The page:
I’ve always loved bacon, but never anticipated incorporating the idea of bacon into my work until after visiting the Texas hill country late last year. I met an artist there who was using stained clays to create multi-colored surfaces on various hand-built functional forms, which later would inspire the method I developed to make my candied-bacon cups. When I think about the utility of clay pots, my mind adheres to acts of service and nourishment. “Bringing home the bacon” might be a bit of a colloquialism, but the saying expresses an act of service that implies providing a practical necessity for those we care for.
But what about nourishment? We use functional clay objects in many cases to provide nourishment to our bodies, such as how plates and cups hold our food and drink to be consumed. Bacon is the belly fat of a pig, so when you eat bacon, you know it came from a hog that was well nourished and fed. Conceptually, I like the incongruity that nourishment was provided for an animal to produce a ridiculously delicious product for us as humans to consume that could very well be considered anti-nourishment. Although nitrates might kill us, most certainly the idea of them will not. So, early on during my time as artist in residence at Mudflat Studios in Somerville, Massachusetts, while preparing for their holiday sale, I used this method to create a surface that resembles bacon using colored slips.
To begin, first roll out a rectangular porcelain slab and let it dry to a medium leather hard. I roll out 9 pounds of clay to 5/16 inch thick—this ensures its dimensions are roughly the size of the board I transfer the slab onto, which is 18×24 inches. Making a large slab allows me to create imagery for roughly 50 cups. Using a horsehair brush, paint 6 thick, alternating layers of white and red (Mason stain 6021) slip (each slip is the consistency of pudding) onto the clay slab, starting with the red layer (1). Wait until the applied layer of slip loses its sheen before adding each successive layer.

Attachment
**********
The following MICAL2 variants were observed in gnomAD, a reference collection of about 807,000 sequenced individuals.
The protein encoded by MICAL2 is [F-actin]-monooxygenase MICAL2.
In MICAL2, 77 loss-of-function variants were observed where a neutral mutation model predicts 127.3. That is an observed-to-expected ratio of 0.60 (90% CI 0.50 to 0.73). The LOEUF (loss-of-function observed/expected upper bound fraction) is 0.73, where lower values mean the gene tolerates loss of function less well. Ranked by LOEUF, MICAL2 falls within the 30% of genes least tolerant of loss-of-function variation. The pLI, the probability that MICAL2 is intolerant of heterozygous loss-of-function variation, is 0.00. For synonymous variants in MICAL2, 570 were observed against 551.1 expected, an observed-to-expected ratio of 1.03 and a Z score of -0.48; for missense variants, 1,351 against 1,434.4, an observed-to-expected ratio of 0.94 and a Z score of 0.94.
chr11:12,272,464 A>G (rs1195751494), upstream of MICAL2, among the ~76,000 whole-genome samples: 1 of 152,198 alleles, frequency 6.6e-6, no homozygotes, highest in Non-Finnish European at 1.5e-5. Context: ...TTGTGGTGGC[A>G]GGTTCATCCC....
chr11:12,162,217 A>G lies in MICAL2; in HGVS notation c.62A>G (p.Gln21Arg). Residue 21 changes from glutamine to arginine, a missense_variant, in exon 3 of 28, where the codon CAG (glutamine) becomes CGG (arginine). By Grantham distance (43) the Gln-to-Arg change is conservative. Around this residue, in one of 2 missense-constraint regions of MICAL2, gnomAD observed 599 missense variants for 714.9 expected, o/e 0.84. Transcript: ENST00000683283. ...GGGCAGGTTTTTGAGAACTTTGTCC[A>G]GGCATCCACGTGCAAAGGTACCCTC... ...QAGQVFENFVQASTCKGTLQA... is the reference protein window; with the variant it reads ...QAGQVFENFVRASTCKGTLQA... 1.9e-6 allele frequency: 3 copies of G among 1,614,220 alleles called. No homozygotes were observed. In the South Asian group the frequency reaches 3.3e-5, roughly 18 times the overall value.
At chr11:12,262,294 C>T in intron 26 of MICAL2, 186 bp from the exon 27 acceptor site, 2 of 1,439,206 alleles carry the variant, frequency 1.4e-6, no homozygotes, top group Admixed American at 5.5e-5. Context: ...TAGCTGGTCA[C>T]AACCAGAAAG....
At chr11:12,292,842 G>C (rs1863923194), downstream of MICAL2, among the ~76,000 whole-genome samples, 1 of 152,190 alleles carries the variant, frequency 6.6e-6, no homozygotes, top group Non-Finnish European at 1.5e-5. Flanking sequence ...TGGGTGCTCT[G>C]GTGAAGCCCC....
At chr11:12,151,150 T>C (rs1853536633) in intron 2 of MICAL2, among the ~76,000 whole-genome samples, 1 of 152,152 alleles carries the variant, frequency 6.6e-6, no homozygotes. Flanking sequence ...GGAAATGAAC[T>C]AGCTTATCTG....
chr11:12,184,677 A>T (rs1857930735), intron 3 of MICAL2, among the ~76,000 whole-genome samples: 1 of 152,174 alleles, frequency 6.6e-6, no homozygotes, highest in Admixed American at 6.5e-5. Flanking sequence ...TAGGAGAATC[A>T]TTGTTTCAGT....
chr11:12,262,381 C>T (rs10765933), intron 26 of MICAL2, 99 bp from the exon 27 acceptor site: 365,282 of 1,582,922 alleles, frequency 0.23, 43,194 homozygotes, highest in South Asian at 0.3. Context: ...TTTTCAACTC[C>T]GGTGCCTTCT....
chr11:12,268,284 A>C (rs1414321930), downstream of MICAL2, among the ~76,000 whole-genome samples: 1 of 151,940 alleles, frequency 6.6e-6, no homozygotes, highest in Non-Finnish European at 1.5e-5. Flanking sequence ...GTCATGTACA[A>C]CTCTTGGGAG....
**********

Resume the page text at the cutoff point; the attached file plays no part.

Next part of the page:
Throwing and Trimming(s)
Next, throw the bases for the cups off the hump. I may throw 10–15 at a time. Make sure to leave enough thickness at the bottom so that a deep foot can be trimmed into it. Throw a short wall into the side of the rim of the base (2), as it’s structurally imperative when attaching the handbuilt portion of the cup onto the base. Use a potter’s knife to cut the base from the hump (3) and allow it to firm up. Once the bases are trimmed, compress the surface and foot ring with your favorite rib to create a nice, tight surface and a smooth foot ring (4).
Carve out trimmings from the slipped slab, cutting through all 6 layers of slip (about ¼ inch). I use a standard loop trimming tool (5), but using different tools creates different patterns.
Cut 1/8-inch-thick slabs from porcelain using a wire tool. Place the trimmings onto the thin slab (6). It’s important that both the thin slab and the slip trimmings are very close to the same wetness, otherwise cracking and joining issues may occur. With a rolling pin, compress and stretch out the slab and trimmings to 3/32 inch thick (7). Then, immediately cover the slab with thin, clear plastic. Make sure the plastic is placed securely onto the slab without wrinkles to create a tight, vacuum-wrapped appearance. With a razor blade, measure and cut the thin slab to fit the circumference of the base of the cup. Next, choose a desired height, then trim the edges to this measurement (8).
Attaching Thrown and Handbuilt Parts
Score the wall that was thrown into the rim of the base and the interior bottom side of the slab. With the plastic still in place, wrap the handbuilt portion around the base and so it overlaps (see 9). Make sure to peel away a small portion of the plastic and score the end you choose to overlap for attachment. After slipping the scored areas, I assemble the cup upside down—holding and turning the foot ring clockwise with my right hand, as the middle finger on my left hand presses the slab onto the base (9). Attach the overlapping clay to form a seam (10). I then use a miniature trimming tool to bevel the attached seam and press it down to create a softer seam. With a wet sponge, thoroughly wipe the connection point between the base and slab. Let the cup dry upside down, leaving the thin plastic wrap on overnight to minimize warping (11).
The cups are fired in reduction to cone 10. I enjoy how the reduced atmosphere can create brownish, dark red, and brilliant red tones all on the same cup. When I get brown tones, it reminds me how bacon becomes crispy if cooked long enough. The variation in color can be quite beautiful. You know, you can wrap anything in bacon—so why not art?
James Lee Webb earned an MFA in ceramics from Southern Illinois University in Carbondale, Illinois. Webb completed artist residencies at New Harmony Clay Project in New Harmony, Indiana, and at Mudflat Studios in Somerville, Massachusetts. While there he also taught ceramics in beginning and advanced wheel throwing, juried four shows, and served as part of the tech team. He is currently working in Port Chester, New York, at the Clay Art Center as a resident artist.